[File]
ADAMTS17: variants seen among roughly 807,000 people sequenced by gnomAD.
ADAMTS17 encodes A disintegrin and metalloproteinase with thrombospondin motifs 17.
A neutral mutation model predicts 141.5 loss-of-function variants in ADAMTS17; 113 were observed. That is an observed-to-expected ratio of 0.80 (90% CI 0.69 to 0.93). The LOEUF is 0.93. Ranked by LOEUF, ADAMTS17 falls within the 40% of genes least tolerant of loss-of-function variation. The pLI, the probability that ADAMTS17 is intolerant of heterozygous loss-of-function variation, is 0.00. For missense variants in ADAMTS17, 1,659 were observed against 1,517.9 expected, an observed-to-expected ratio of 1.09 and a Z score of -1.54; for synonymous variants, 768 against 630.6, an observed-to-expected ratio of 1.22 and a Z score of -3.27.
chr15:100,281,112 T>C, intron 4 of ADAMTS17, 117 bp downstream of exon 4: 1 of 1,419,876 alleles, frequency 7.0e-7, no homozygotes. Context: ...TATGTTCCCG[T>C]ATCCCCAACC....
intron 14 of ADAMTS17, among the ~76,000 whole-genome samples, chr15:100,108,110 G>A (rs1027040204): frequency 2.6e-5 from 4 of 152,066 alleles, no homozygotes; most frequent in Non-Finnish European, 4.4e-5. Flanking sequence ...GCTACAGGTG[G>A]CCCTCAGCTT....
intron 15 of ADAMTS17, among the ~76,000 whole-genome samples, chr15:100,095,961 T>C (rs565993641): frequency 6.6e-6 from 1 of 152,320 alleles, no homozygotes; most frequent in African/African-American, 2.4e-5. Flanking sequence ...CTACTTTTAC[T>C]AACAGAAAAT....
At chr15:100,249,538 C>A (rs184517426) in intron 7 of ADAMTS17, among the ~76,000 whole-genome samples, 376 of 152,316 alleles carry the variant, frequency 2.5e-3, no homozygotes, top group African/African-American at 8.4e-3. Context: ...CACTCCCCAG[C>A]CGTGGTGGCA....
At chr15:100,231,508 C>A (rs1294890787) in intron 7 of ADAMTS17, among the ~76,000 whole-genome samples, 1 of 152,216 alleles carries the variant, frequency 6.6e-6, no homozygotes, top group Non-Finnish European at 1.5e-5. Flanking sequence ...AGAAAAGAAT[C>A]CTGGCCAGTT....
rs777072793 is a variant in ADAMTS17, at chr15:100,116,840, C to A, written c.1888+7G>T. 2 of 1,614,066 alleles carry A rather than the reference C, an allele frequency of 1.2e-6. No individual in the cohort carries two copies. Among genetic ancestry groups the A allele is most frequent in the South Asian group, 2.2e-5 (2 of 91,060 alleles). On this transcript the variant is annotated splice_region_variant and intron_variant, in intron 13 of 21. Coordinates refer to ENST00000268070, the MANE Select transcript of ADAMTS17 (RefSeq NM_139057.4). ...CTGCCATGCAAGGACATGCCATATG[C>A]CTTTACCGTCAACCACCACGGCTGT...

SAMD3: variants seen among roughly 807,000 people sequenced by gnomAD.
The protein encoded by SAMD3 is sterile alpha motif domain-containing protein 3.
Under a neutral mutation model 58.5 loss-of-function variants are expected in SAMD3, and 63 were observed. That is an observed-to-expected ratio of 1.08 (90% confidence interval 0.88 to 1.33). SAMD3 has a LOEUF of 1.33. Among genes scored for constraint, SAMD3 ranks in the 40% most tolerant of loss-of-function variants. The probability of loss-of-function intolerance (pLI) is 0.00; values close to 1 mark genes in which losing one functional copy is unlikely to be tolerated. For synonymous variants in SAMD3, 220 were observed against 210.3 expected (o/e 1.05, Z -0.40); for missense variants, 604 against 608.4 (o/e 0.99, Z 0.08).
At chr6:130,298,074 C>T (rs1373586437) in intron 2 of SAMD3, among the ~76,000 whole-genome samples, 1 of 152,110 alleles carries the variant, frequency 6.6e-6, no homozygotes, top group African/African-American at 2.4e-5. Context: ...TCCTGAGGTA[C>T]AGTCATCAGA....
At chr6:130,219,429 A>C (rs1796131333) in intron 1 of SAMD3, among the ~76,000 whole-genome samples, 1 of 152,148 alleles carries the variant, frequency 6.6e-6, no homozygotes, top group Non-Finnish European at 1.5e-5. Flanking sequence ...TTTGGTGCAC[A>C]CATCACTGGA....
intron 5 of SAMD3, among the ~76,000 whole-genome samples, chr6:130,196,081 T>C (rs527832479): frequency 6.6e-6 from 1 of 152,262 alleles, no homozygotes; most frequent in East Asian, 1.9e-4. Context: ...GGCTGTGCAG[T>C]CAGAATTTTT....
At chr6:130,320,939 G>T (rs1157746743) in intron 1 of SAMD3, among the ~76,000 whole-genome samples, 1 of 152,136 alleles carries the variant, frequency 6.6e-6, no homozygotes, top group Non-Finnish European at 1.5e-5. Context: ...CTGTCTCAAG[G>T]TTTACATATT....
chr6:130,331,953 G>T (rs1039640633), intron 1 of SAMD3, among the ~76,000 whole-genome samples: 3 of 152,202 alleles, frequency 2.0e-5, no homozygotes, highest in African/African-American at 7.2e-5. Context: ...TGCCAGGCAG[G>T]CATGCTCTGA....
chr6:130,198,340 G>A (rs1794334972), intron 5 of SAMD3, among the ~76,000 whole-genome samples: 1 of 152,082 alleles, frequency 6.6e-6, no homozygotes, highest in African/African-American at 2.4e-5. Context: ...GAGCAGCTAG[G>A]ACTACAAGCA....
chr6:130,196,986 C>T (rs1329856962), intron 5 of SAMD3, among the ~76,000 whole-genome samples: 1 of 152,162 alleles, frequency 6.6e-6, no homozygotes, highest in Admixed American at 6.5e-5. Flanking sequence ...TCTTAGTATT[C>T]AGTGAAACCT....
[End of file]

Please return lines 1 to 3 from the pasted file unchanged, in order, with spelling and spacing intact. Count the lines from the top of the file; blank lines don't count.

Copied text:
ADAMTS17: variants seen among roughly 807,000 people sequenced by gnomAD.
ADAMTS17 encodes A disintegrin and metalloproteinase with thrombospondin motifs 17.
A neutral mutation model predicts 141.5 loss-of-function variants in ADAMTS17; 113 were observed. That is an observed-to-expected ratio of 0.80 (90% CI 0.69 to 0.93). The LOEUF is 0.93. Ranked by LOEUF, ADAMTS17 falls within the 40% of genes least tolerant of loss-of-function variation. The pLI, the probability that ADAMTS17 is intolerant of heterozygous loss-of-function variation, is 0.00. For missense variants in ADAMTS17, 1,659 were observed against 1,517.9 expected, an observed-to-expected ratio of 1.09 and a Z score of -1.54; for synonymous variants, 768 against 630.6, an observed-to-expected ratio of 1.22 and a Z score of -3.27.